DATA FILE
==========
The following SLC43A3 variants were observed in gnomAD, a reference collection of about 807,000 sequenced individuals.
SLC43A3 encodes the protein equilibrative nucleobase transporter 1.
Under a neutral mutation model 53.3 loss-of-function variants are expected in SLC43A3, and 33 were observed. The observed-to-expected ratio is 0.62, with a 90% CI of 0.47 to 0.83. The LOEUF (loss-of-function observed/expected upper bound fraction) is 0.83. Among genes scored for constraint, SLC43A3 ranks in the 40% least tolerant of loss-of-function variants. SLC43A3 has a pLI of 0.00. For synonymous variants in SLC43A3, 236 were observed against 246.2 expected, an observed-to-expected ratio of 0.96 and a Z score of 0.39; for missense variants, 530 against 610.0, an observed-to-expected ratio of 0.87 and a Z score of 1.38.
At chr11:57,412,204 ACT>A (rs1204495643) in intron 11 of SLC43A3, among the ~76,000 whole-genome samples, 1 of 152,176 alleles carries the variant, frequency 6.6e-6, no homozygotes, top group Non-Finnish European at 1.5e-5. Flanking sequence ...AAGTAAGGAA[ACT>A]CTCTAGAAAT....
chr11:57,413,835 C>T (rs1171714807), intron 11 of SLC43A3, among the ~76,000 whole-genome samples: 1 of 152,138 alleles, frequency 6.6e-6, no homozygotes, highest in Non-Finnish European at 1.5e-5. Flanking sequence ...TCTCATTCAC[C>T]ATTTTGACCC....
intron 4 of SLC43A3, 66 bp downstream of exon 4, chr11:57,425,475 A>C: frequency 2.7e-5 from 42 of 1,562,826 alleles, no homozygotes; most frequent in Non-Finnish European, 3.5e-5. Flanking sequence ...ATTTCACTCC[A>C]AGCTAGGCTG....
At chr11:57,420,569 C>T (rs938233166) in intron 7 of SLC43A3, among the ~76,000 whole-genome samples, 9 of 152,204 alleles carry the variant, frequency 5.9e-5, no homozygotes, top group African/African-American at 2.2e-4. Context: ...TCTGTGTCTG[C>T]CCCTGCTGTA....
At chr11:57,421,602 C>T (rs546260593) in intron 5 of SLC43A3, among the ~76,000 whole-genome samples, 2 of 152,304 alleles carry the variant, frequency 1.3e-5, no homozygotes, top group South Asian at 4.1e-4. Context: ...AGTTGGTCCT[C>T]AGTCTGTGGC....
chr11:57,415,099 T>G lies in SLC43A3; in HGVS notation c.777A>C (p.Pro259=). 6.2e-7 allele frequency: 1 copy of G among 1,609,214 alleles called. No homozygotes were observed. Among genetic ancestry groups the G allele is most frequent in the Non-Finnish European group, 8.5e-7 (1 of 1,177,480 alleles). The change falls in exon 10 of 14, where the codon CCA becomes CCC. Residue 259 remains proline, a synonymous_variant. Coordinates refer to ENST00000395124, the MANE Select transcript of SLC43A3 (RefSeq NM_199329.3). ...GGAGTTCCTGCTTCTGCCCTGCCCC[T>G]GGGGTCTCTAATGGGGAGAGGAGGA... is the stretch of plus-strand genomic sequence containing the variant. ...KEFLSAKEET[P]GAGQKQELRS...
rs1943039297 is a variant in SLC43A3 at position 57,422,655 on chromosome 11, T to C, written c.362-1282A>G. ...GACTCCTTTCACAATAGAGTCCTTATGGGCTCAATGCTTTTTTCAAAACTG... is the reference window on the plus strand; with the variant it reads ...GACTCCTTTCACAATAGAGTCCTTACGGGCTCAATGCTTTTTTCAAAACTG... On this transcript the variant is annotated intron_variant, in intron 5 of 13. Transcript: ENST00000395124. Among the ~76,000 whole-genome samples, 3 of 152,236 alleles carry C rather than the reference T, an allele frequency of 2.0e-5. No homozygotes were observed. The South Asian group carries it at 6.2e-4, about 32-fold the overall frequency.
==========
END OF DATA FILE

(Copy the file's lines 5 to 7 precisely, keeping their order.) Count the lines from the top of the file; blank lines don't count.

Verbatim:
chr11:57,413,835 C>T (rs1171714807), intron 11 of SLC43A3, among the ~76,000 whole-genome samples: 1 of 152,138 alleles, frequency 6.6e-6, no homozygotes, highest in Non-Finnish European at 1.5e-5. Flanking sequence ...TCTCATTCAC[C>T]ATTTTGACCC....
intron 4 of SLC43A3, 66 bp downstream of exon 4, chr11:57,425,475 A>C: frequency 2.7e-5 from 42 of 1,562,826 alleles, no homozygotes; most frequent in Non-Finnish European, 3.5e-5. Flanking sequence ...ATTTCACTCC[A>C]AGCTAGGCTG....
At chr11:57,420,569 C>T (rs938233166) in intron 7 of SLC43A3, among the ~76,000 whole-genome samples, 9 of 152,204 alleles carry the variant, frequency 5.9e-5, no homozygotes, top group African/African-American at 2.2e-4. Context: ...TCTGTGTCTG[C>T]CCCTGCTGTA....